My latest article at Eureka Street examines the complexities of Australia’s multiple cultures, and the challenge of cultivating overarching, common values across society.
I wrote this piece some time ago, but news of the siege in Sydney broke just as it was about to be published. We can only hope and pray the siege ends peacefully.
Anyone who happens to live outside the predominant football and cricket cultures can attest that culture clash, exclusion, and alienation can be equally powerful within ethnic boundaries. It may seem petty to compare social and sporting interests to the divisions between different ethnicities, but we shouldn’t underestimate the significance of these phenomena. It is not hyperbole to refer to Australia’s drinking culture, barbecue culture, beach culture, business culture, consumer culture, and so on. We can quite often have more in common with people from different religious and ethnic groups than with people from our own ethnicity whose lifestyles and interests are totally divergent.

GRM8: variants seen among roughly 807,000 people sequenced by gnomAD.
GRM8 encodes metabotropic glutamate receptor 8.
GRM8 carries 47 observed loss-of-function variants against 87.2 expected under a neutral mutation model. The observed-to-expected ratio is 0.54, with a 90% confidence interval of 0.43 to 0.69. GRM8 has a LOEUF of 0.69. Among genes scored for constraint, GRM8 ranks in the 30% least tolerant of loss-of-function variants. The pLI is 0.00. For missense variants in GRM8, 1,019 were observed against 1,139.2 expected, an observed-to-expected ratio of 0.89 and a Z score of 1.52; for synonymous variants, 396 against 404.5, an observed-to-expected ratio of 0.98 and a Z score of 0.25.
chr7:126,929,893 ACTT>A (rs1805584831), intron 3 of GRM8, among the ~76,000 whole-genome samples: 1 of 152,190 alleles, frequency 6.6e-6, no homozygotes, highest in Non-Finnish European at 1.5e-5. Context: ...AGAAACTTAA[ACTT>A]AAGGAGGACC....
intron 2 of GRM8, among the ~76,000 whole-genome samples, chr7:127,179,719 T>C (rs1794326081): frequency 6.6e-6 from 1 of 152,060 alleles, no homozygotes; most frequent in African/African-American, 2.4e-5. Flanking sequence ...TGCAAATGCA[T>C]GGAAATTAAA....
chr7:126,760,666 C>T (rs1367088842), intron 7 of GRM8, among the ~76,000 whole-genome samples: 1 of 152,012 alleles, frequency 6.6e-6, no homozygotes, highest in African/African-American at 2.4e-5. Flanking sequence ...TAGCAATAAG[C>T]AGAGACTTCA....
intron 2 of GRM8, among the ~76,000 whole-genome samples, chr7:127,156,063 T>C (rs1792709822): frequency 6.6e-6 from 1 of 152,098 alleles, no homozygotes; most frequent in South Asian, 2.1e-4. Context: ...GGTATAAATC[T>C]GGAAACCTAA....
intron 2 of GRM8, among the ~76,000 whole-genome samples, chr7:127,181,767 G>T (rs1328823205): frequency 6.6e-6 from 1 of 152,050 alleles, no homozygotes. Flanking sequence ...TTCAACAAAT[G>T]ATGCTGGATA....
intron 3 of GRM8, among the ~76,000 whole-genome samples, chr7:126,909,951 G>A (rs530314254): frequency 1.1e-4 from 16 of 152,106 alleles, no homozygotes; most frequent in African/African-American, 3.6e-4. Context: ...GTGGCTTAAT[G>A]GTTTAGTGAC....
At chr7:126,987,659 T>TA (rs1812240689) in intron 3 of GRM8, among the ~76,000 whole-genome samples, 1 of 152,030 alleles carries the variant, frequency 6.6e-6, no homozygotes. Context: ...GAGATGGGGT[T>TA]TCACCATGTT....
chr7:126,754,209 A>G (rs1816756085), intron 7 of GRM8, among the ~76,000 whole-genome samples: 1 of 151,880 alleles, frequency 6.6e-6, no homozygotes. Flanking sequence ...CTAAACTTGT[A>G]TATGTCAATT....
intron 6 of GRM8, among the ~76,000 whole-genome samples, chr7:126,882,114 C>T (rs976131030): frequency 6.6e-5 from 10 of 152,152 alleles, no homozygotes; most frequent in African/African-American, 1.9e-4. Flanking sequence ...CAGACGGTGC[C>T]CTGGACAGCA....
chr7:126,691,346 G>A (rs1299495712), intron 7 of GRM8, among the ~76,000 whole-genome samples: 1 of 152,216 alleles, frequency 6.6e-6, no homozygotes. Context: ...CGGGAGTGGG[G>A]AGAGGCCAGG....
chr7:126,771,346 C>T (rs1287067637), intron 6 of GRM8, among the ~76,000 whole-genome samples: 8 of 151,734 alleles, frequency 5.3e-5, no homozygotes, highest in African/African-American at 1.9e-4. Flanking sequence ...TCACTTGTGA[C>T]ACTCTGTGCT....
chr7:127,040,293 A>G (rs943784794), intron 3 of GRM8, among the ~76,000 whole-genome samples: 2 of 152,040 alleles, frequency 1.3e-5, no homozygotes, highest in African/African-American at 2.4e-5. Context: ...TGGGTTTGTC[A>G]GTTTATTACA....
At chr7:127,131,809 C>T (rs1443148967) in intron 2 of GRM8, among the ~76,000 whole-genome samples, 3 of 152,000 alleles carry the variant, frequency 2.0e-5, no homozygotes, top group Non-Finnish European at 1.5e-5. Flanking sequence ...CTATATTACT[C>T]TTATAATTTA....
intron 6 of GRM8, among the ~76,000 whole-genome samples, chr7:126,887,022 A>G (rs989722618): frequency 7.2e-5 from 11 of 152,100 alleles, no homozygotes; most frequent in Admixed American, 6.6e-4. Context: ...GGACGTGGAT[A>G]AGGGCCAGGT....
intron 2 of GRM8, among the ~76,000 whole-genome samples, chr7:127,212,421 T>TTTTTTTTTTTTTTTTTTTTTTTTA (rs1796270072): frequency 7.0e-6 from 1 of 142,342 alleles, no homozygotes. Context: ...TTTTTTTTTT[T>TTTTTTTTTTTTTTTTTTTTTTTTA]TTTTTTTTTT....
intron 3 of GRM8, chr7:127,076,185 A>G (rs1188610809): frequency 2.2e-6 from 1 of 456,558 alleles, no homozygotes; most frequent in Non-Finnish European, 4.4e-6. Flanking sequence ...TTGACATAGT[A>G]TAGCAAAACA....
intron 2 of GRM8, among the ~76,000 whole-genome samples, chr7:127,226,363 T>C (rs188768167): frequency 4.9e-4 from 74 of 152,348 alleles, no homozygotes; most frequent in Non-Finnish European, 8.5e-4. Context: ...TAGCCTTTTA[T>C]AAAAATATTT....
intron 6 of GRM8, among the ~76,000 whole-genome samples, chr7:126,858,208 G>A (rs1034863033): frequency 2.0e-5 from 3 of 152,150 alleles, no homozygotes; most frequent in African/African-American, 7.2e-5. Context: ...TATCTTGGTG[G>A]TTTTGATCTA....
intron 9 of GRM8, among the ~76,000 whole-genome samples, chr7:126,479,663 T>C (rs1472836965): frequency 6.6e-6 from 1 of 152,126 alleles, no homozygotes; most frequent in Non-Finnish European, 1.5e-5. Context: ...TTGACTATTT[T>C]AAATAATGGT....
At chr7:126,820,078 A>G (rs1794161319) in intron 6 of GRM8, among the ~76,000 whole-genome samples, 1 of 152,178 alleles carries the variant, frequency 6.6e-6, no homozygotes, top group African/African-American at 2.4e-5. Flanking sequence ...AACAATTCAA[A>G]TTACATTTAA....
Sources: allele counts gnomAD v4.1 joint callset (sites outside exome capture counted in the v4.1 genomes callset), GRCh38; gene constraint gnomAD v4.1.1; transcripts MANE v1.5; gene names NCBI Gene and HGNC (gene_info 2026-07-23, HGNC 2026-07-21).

My latest piece on Mercatornet.com examines the bizarre claim that we are living through a period of ‘white genocide’ under the guise of multiculturalism and diversity. If I may paraphrase Pastor Niemöller “First they came for the entitled Anglo-Irish majority, and I did not speak out- Because they were clearly overreacting…”
White Australians are generally in the privileged position of being able only to imagine the kind of persecution, suffering, and violence that a select few religious and ethnic groups have endured for real. It’s as though they’ve looked around at the steady stream of migrants and wondered ‘maybe this is that genocide thing we’ve heard so much about?’ What these ‘pro-White’ activists lack in moral seriousness, they make up for with a bizarre, depressingly sincere global persecution complex, an anthropologically untenable racial category of ‘White’, and a seemingly limitless sympathy for their own imagined plight.